Hiding in plain sight, in the middle of El Raval, there is a small wooden door that was once attached to the Provincial Home for Maternity and Foundlings of Barcelona. Nowadays, that small round door looks more like a decoration than anything else, but that is the infamous Barcelona’s baby drop-off. And, when we were in Barcelona, we had to visit the location and take pictures of it.
We were in Barcelona for a couple of days at the end of April 2019, and we were looking for different things to do. We knew we needed to eat burgers somewhere but… What else? One of my co-workers is from the city, and he shared with me this. I know it sounds completely insane, but this story is true.
When it comes to public care for impoverished women and mothers, there wasn’t much until the late 19th century. The only social resource available to them was based on religious charity, and they treated women as sinners in need of repentance.
But, with industrialization, things started to change.
Waves of women came from the fields to work in the growing city of Barcelona. Most were seeking work as domestic servants and factory workers, and they had some free time, so the number of so-called illegitimate births grew. Many of these mothers were single and miserable, and they were forced to give away their children to charitable institutions.
This is where Barcelona’s baby drBarcelona’s to be. The turnstile in front of the Provincial Home for Maternity and Foundlings of Barcelona was a place for mothers to leave their infants discreetly. It was done to remove some of the shame and injustice these mothers faced for giving up their offspring.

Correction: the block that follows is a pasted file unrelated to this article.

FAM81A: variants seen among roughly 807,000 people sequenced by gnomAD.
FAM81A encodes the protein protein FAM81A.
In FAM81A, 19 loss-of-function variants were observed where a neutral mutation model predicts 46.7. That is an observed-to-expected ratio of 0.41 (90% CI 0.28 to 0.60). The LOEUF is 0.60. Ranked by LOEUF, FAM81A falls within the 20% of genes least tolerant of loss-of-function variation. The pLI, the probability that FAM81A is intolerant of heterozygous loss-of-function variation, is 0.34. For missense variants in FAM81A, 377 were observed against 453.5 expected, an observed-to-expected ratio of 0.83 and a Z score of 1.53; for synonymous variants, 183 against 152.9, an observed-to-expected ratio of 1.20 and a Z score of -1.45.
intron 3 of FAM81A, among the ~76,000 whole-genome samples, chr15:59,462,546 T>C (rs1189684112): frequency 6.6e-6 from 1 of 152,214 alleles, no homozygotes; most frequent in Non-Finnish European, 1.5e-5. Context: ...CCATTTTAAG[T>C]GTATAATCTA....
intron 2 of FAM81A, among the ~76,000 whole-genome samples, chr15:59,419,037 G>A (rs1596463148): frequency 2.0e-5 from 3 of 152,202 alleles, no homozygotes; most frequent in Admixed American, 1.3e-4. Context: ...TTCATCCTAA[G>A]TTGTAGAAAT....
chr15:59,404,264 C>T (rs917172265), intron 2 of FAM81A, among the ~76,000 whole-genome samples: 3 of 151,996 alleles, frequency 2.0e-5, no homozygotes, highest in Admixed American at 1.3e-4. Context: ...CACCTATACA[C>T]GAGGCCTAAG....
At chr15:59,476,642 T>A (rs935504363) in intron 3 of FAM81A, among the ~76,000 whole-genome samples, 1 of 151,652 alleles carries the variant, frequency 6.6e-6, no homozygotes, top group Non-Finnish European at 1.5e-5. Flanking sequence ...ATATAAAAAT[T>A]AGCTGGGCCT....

At the time, many infants didn’t survive to celebrate their first birthday, but those who survived were sent to the neighboring House of Charity. There, boys would be trained as sales clerks, and girls would be trained as domestic servants.
But everything ended in December 1936, when the Government of Catalonia authorized abortions and became one of Europe’s most advanced health systems. The baby dispensary at the Home of Maternity changed and became a facility where women could receive safe medical treatment.
Barcelona’s Baby Drop-off was active from 1853 until 1936, and hundreds of children came through its turntable. Today, the only thing left is a small wooden inlet hidden in plain sight on a charming square at El Raval.
If you want to visit Barcelona’s Baby Drop-off, you should take a look at the map above since it’s kind of tricky to find since it’s just a tiny round door on a wall.
Barcelona’s Baby Drop-off in El Raval
17 carrer Ramelleras
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